From transceivers to speed-of-light AI
Since 1985, silicon photonics has progressed from the initial development of high confinement waveguides to strategically incorporate CMOS techniques, establishing its dominance in the transceiver space. In the coming years, it has the potential to expand to a wide range of innovative applications.
BY Martin Vallo, senior analyst in photonics at Yole
Since early 2023, there has been a lot of hype around – and massive investments into – silicon photonics, especially optical computing, optical I/O, and diverse sensing applications. It seems logical that primary technologies in various applications will be replaced relatively quickly by optical-based designs and architectures. The giants forecast that optics will be necessary and become ubiquitous relatively soon, while startups are developing new applications through R&D. So, can we expect this prediction to be realised any time soon?
While there are many arguments about the necessity of photonics coupled with electronics, the largest silicon photonics market – datacom pluggables – generates only around 12 percent of datacom transceiver revenue (projected to reach 30 percent by 2028). The semiconductor market is suffering from an extended period of decline, leading to more pragmatic buying behaviour on the part of customers. DC operators prefer long-established and low-cost technology solutions. Yole Intelligence’s market research shows that silicon photonics is not yet a primary technology, even for intra-data-centre interconnects with up to 500 m reach.
Figure 1:Growth forecast for various silicon photonicsapplications.Credit: Yole Intelligence.
In this context, silicon photonics remains a technology in active development, with a wide array of potential applications, hinting at promising opportunities on the horizon. In the coming decade, frontrunners will emerge, leading to industry consolidation. Nevertheless, the broad spectrum of applications will ensure abundant opportunities for the technology to expand and proliferate.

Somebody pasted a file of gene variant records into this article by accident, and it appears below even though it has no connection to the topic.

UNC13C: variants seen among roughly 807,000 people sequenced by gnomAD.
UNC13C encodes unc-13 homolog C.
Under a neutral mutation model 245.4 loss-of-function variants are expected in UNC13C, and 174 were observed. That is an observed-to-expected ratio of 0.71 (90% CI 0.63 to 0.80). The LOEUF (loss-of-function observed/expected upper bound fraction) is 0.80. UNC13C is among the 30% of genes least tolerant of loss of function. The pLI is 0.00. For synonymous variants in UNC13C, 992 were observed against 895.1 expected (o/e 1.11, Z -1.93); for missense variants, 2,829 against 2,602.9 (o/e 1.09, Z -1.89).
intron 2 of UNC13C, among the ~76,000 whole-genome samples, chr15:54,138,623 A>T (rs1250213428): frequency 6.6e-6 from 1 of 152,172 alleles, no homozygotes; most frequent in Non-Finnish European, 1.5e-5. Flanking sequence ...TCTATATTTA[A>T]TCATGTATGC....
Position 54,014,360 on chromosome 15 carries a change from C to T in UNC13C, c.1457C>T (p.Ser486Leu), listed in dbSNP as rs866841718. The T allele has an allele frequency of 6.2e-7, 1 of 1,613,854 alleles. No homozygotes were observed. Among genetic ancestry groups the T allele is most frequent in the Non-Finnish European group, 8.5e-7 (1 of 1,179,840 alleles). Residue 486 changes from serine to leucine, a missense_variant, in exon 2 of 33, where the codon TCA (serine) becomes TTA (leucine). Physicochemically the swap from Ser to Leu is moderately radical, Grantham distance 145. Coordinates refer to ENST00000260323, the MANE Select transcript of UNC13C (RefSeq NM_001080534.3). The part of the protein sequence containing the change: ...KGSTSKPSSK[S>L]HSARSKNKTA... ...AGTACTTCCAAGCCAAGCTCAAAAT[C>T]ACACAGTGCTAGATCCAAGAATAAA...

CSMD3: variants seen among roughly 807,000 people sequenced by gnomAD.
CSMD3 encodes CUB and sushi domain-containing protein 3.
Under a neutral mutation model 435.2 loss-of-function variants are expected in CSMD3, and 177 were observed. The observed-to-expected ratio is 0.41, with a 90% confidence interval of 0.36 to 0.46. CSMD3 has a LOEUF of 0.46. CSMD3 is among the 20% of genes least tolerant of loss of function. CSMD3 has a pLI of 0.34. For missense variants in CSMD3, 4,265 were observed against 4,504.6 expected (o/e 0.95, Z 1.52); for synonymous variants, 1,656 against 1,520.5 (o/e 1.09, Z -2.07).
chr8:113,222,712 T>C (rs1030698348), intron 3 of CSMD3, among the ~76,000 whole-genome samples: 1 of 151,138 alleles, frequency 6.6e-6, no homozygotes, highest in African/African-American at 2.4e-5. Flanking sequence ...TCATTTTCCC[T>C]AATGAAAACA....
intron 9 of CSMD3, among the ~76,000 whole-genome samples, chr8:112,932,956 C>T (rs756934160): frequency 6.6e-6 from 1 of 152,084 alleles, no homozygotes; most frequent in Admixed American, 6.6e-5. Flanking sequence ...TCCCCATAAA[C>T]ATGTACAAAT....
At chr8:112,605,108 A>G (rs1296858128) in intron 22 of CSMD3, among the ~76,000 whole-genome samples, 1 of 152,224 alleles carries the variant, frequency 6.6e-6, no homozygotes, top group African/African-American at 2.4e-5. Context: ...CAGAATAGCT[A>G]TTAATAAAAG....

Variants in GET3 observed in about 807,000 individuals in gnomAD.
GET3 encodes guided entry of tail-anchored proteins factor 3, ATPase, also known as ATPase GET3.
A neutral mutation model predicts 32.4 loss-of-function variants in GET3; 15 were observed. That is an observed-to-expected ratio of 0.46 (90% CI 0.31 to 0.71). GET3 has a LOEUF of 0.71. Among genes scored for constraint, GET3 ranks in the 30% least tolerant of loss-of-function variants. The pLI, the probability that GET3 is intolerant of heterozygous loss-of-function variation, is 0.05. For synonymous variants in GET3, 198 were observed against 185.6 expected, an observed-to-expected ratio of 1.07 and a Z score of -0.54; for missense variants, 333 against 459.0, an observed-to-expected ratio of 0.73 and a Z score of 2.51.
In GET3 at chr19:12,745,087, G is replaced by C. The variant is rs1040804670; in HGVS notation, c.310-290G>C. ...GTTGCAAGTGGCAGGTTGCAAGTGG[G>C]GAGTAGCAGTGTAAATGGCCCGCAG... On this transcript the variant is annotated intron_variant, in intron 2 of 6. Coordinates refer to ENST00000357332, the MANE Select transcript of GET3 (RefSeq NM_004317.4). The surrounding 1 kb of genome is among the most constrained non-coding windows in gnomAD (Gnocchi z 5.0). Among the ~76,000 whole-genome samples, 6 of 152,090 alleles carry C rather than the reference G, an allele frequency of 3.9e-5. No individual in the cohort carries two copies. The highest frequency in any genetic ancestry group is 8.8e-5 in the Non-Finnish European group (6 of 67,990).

Yole Group, in its new Silicon Photonics 2023 report, estimated the silicon photonics PIC market was worth US$68 million in 2022 and is forecast to generate more than US$600 million in 2028 at a 44 percent Compound Annual Growth Rate for 2022-2028 (CAGR2022-2028). This growth will mainly be driven by 800G high-data-rate pluggable modules for increased fibre-optic network capacity. Additionally, projections of rapidly growing training dataset sizes show that data will need to use light to scale ML models using optical I/O in ML servers.
Substantial data centre requirements, particularly in the domains of artificial intelligence (AI) and machine learning (ML), are expected to fuel the ongoing demand for swifter applications and computations over the next decade. With the conventional processor-centric computing architecture and copper interconnects, the state-of-the-art chips based on 3nm technology are approaching their physical limitations, while the necessity for faster data transmission has surged. Silicon photonics, with its ability to facilitate high-speed communication, has therefore become a prime focus.